MULTI-ELEMENTAL RISK ASSESSMENT OF RICE PRODUCTS USING ON-LINE CONTINUOUS LEACHING AND ION EXCHANGE CHROMATOGRAPHY COUPLED TO INDUCTIVELY COUPLED PLASMA MASS SPECTROMETRY FOR THE SPECIATION ANALYSIS OF BIO-ACCESSIBLE ELEMENTS
Sadiq, Nausheen Waheed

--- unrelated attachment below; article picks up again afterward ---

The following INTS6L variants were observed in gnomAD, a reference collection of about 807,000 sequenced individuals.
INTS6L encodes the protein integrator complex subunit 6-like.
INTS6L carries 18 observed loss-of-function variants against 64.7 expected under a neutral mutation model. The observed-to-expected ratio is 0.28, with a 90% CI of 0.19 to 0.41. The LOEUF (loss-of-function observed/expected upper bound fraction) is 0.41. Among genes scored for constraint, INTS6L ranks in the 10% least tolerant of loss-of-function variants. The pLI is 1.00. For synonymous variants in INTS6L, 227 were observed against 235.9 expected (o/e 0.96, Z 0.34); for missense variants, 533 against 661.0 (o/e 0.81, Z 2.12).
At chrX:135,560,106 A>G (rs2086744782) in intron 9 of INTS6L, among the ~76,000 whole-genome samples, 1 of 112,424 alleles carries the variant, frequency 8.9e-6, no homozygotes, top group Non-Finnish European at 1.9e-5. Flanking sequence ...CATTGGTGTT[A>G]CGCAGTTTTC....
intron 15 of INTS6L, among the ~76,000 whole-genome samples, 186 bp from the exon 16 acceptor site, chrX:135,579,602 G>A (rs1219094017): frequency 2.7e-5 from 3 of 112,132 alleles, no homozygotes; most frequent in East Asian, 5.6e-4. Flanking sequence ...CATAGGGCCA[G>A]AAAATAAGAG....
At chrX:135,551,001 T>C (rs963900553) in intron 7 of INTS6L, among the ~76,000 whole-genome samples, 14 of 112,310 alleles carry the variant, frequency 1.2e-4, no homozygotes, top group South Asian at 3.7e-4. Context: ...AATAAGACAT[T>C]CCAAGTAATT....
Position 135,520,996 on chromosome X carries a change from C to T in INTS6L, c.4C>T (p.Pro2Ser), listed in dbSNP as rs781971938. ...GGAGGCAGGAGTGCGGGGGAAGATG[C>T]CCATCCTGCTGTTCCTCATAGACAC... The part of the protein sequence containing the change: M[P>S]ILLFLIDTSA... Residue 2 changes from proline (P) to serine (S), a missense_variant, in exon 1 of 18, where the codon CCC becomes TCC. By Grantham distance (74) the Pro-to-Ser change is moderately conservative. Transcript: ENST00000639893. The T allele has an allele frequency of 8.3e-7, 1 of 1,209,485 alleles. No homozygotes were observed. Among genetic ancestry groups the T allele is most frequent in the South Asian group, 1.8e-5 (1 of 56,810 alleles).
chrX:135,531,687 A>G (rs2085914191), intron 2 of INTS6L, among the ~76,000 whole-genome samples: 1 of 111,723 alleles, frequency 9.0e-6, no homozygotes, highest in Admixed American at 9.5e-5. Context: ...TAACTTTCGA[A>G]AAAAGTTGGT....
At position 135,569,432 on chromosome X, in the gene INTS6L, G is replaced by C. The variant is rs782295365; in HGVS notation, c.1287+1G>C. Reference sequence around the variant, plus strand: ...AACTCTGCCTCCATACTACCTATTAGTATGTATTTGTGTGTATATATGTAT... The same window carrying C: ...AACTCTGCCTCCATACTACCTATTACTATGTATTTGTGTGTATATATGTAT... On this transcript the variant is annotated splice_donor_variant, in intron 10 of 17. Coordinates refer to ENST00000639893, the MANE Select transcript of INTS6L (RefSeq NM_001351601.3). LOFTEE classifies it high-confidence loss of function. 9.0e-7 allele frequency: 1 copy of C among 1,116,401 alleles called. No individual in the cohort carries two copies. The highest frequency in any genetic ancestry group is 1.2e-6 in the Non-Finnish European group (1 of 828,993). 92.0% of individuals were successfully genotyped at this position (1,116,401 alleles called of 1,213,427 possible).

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There are over 40 000 different types of rice, several of which are known to contain significant amounts of inorganic arsenic (As), i.e. the most toxic form of As. Because rice requires water for cultivation, groundwater has a great impact on rice’s toxic content. Given that over 3 billion people share a diet consisting mainly of rice, risk assessment of toxic species of As, chromium (Cr) and selenium (Se), is important. This thesis investigates both toxic and essential elements in both cooked and uncooked rice, as previous studies have shown that cooking may in fact convert the species of As in rice to the most toxic species. This thesis focuses on organic white and brown rice, basmati rice and baby rice cereal. Baby rice cereal has not been studied previously, despite the fact that itis one of the first foods given to infants, who are at greater risk because of their small weight. Speciation analysis of the bio-accessible fraction was conducted on As, Cr and Se to determine which portion was actually toxic, as some species of these elements are non toxic. To this end, ion-exchange chromatography (IEC) was used to separate the various species of the elements monitored, which were then quantified by performing on-line inductively coupled plasma (ICP) mass spectrometry (MS) analysis of the effluent, i.e. using ICP-MS as a detector for IEC. Electrothermal vaporization (ETV) coupled to ICP optical emission spectrometry (OES) was also used to study glutinous rice that is commonly consumed in Asian countries. The ability to conduct total analysis of the solid without the need for an acid digestion is beneficial in providing a quick and simple screening through determination of the total amount of toxic, potentially toxic and essential elements present in the solid sample. This study focuses on various rice-based samples and the potential risk they pose to human consumption on a regular basis.